A White Post in White Post

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White Post, Va

Again, I’m back in Virginia on a scenic byway. Cruising down US 340 south of US 50, I came to Va 659, a small road off to the left. Not wanting to stay on major highways, I took the turn, and in about half a mile, I came to the small town of White Post.

6-WhitePost_2991True to its name, there was a white post sitting in the middle of the only intersection in town. Atop the post are street signs for the four roads leading out from it.

Turning left at the post on “Berry’s Ferry” took me out of town. Soon, I was out in the countryside passing by farms, when I came upon the White Post Railroad Station, now standing abandoned and unused.
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Returning to the white post for a short photo walk led me to some really old historic buildings and two churches standing side by side.

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1797 Livery Stable General Store


Messilla Farm Shop

Messilla Farm Shop


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Greenway Court Parish

Greenway Court Parish


White Post United Methodist

White Post United Methodist


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Post Office

Post Office

Walking south from the Post Office one comes to the only business in town. White Post Restorations. If you’re even close to White Post, be sure to stop in, it’s definitely worth your time.
By “restorations” they mean antique car restoration. Cars and all kinds of other vehicles are being restored to look like new, or even better than new. It’s not a showroom or museum, it’s a working restoration shop. Stop in the office and introduce yourself, and ask about taking a look around

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A stroll through New Market, Md.

This is the first post in a new series I call Small Towns, Tiny Towns. We all pass through some of these when we’re out driving in the countryside. Some readers may actually live in one. Often we just think of them as wide spots in the road. in the past many of them were thriving communities but today they are relegated to just a small dot on the map, if they are even marked. Most if not all of them residents that are proud of the town and do their best to keep its memory alive.

The next couple paragraphs are from the About page.

Small towns, even tiny towns fascinate me – the kind that could be called “wide spots in the Road”. Sometimes they will hardly show up on Google Maps, most of the time they will be villages that earn a dot or circle on maps. I have no schedule but I hope to make a posting at least monthly, but no promises. I will be roaming in Maryland, and surrounding states from time to time and just taking photos, roughly at random. There is a lot to see in nowhere’ville. I’ll be wandering around with no real destination in mind, and taking shots from odd points of view, not the typical tourist view. So get ready to see some different views.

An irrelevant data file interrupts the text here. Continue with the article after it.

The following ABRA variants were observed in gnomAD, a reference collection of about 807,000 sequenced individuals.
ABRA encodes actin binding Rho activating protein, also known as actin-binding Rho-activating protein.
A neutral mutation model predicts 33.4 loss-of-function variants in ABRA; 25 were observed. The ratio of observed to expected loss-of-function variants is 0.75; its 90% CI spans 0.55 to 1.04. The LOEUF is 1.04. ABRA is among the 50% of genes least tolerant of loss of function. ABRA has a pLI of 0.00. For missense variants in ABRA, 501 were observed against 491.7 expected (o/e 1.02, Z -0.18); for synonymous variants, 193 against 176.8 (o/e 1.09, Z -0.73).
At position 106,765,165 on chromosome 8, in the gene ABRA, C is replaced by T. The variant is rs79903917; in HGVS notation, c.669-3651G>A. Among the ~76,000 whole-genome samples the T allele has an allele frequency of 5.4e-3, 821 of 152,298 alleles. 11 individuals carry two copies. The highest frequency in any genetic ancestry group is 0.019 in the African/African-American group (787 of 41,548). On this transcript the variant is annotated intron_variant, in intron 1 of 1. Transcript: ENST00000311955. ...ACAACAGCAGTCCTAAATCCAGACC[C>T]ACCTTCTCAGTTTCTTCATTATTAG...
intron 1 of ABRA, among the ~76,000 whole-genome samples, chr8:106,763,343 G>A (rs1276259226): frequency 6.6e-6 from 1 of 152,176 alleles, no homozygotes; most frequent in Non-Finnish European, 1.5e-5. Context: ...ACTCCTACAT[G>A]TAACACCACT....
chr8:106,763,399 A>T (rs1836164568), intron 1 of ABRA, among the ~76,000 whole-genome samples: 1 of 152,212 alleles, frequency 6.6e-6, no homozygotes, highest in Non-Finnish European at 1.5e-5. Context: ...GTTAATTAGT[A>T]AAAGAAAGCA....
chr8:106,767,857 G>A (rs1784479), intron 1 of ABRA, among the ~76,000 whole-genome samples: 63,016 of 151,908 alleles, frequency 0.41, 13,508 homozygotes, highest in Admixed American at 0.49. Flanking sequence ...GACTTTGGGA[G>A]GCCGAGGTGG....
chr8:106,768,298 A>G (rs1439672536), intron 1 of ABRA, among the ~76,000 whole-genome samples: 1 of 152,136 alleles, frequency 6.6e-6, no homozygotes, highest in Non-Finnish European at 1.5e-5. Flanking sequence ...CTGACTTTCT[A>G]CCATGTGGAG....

Places that interest me include: Sykesville, Galesville, Chestertown, Queenstown, Stevenstown – all in Maryland, as well as some in Delaware, Pennsylvania, Virginia, the Carolina’s, and possibly Georgia. If you have a favorite you’d like to see please send me a comment and I’ll see if it fits into my travels.

Now on to the first of what I hope will be a long running series

New Market, Maryland

New Market once was a thriving village on the National Road and the Gateway to the West. but today it is mainly a mecca for Antique hunters. But in 1954, U.S. Route 40 moved a mile or so south, more recently US-40 was swallowed up by I-70. Most east-west traffic bypasses New Market. The 2010 census counted a bit over 600 residents. Known locally as “The Antique Capitol of Maryland” New Market in eastern Frederick County

Before I get away from the National Pike let me add a few links to its history.

New Market is small, but has an important niche in history.

Late in June 1863, the Union Army of the Potomac pursued Gen. Robert
E. Lee’s Army of Northern Virginia as it invaded the North less than
a year after the Antietam campaign. On Monday June 29, the Federal
Corps marched northward toward Pennsylvania on parallel roads like the
fingers of a glove, after being ordered to tay between and he large
Northern cities.

General George Sykes marched northeastward along present day Rte.26 to
Liberty and Unionville. Gen John Sedgwick’s VI Corps, which guarded
the army’s right flank move by here (New Market) to Mount Airy and
Westminster, reaching Manchester on June 30. Then next day the corps
began an epic 34-mile march to Gettysburg and arrived late in the
afternoon of July 2.

A soldier in the 37th Massachusetts Infantry, VI Corps, later wrote
that on entering New Market, “two or three young ladies were
discovered standing in front of their home waving small Union
flags. It was an electrifying sight\, and the enthusiasm which had
pervaded the troops in advance was emphasized from the strong throats
of the Thirty-seventh. There was no question that they were in the
land of friends.

The photos are at random, but show some of the old buildings and how they look now. We’ll start at the Town Hall. There’s no order to these, just a photo-stroll one Sunday afternoon.